According to studies published in The Lancet, chronic low-grade inflammation is thought to be the cause of diseases from arthritis to cancer. While inflammation is usually a sign of your body protecting itself against injury or infection, chronic, low-grade inflammation is a destructive force that causes the immune system to constantly attack an unknown enemy — your own body. Treatment and prevention of the ravages of this attack can be somewhat alleviated with herbs.
Turmeric and Ginger
These two members of the ginger family contain a component named curcumin. Turmeric has been used for thousands of years in Ayurvedic and Chinese medicines to treat pain caused by inflammation, such as arthritis. Clinical studies show that curcumin has antineopoastic, antioxidant and anti-inflammatory effects. These studies show that it may be effective in the treatment of chronic neurodegenerative diseases, colitis, arthritis and cancer. The recommended daily dosage is 400-600 mg taken three times per day.
The polyphenolic compounds in green tea called catechins give it its anti-inflammatory properties. Studies show it to be effective in the prevention of cardiovascular disease and several types of cancer. It is recommended that you drink 3 to 4 cups of green tea daily or take 300-400 mg of green tea extract. If you are avoiding caffeine, a decaffeinated variety is available, but there have been no studies on hte polyphenol content.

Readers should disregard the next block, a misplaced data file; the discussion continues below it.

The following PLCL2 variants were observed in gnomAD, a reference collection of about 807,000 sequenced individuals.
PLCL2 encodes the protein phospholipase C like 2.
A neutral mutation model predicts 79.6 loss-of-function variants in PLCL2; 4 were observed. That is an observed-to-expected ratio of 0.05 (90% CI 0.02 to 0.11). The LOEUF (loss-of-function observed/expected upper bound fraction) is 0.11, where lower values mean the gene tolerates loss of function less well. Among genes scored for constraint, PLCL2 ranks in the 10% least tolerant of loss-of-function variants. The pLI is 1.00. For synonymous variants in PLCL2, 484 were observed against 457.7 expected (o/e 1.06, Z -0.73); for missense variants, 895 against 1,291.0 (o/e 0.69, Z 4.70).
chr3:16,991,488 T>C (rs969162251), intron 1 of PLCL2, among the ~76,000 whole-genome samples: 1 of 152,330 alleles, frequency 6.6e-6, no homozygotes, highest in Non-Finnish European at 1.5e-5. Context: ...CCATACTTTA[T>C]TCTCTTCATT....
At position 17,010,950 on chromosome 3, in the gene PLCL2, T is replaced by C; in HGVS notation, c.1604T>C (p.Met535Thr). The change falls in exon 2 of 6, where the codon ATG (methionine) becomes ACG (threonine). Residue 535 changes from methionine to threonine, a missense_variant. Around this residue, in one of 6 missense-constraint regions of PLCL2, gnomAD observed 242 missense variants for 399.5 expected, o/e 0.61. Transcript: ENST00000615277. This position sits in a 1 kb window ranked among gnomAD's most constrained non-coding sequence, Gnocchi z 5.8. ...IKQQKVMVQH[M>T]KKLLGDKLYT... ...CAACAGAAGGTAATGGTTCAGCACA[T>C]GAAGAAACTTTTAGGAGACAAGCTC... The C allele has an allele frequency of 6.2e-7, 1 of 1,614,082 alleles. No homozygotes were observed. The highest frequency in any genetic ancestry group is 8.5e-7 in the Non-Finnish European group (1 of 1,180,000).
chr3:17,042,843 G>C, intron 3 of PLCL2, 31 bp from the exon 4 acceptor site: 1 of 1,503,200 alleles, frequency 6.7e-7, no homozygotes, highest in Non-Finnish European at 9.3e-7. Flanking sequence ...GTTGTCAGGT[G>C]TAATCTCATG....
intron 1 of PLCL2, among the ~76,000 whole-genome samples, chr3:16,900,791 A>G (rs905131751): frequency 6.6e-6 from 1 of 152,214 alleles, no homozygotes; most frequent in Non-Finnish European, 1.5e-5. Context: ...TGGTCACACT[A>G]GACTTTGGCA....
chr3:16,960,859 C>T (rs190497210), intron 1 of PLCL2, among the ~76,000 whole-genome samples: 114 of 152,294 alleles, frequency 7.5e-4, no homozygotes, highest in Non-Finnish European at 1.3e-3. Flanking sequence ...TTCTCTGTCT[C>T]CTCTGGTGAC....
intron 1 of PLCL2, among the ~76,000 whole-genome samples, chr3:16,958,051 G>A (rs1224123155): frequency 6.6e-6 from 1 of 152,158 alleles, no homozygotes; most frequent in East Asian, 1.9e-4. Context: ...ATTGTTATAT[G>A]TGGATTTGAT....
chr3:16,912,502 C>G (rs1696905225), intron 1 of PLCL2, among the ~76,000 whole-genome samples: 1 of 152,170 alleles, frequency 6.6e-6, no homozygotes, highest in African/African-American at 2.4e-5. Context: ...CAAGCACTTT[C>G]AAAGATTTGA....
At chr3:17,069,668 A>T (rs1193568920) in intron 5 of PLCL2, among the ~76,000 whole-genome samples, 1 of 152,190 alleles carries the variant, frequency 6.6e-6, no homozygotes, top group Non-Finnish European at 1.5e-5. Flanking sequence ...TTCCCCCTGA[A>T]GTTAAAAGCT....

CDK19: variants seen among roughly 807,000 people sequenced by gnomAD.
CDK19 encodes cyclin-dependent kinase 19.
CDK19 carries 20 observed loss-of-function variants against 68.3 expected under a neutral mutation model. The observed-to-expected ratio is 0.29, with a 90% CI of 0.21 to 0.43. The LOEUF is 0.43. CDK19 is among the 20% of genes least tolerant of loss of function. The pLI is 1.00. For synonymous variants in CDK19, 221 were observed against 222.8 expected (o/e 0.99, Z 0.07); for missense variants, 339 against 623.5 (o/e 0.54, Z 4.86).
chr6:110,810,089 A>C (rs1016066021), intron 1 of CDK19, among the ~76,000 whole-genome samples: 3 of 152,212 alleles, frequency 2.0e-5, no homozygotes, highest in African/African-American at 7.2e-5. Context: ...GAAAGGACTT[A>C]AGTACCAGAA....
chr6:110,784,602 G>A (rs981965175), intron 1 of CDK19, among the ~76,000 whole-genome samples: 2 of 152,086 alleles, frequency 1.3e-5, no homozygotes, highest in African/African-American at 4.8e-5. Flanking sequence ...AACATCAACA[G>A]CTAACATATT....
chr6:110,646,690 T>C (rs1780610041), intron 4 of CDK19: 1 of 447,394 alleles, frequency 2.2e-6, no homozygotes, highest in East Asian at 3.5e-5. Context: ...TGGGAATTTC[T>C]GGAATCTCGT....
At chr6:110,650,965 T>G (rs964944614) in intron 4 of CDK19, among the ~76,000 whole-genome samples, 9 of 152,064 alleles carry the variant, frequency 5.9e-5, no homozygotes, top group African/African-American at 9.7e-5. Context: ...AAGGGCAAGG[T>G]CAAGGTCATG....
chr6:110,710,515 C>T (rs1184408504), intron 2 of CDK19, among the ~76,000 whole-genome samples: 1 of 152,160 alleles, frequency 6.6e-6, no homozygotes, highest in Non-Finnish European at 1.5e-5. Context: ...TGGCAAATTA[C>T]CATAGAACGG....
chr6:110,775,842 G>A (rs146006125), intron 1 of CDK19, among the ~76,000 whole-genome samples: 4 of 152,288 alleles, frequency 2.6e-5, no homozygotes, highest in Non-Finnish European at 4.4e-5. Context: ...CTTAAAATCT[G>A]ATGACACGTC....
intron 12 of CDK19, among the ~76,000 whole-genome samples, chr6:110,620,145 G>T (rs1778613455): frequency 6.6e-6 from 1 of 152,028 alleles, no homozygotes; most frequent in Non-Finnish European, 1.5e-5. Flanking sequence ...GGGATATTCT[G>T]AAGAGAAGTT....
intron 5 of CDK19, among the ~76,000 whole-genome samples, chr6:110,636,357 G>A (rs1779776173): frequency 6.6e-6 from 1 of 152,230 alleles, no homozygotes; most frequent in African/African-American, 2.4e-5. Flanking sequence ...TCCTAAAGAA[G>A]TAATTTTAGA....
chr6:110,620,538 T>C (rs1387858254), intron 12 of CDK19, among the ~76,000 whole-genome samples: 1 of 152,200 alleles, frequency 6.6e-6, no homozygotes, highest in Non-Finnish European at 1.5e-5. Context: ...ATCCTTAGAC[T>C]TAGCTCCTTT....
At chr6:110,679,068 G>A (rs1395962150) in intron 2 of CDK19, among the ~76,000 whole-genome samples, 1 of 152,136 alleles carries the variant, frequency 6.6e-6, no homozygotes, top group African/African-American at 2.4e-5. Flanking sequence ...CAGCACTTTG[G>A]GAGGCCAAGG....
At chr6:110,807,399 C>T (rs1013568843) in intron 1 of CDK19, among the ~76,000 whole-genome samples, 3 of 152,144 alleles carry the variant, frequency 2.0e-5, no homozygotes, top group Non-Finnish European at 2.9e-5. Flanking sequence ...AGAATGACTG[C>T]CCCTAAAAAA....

Boswellia serrata Resin
The resin of the Boswellia tree may be more familiar to you by its common name, frankincense. This resin is an analgesic, anti-arthritic and anti-inflammatory. It works by inhibiting the action of leukotrienes, which are present in many degenerative joint diseases. Studies have shown it to be effective in the treatment of both osteoarthritis and rheumatoid arthritis. The recommended dosage is 300-500 mg of standardized extract two to three times per day.
The cat’s claw herb is derived from two members of the Uncaria family. The bark of these vines have been used in traditional medicine for hundreds of years to treat intestinal disorders, arthritis and bursitis. Studies show that the active ingredients are polyphenols, alkaloids and sterols. Although the risks are considered minimal, two lupus erythematosus patients in the studies suffered acute renal failure, so it is not recommended for treatment of lupus. The recommended daily dose is 20-60 mg daily of standardized extract in capsule form.
How to Know if You Are at Risk
If you suspect you have chronic inflammation, there is a test called the C-reactive protein test that can detect hidden inflammation in your body. You also want to be tested for interleukin 6. A study showed that generally healthy elderly adults with high levels of these two elements had a better chance of dying within 4 years.
Herbs alone cannot treat chronic low-grade inflammation. While NSAIDS may help with the pain, they also damage your body and should never be taken long term. Talk to your doctor about other treatments, lifestyle and diet changes that can help you.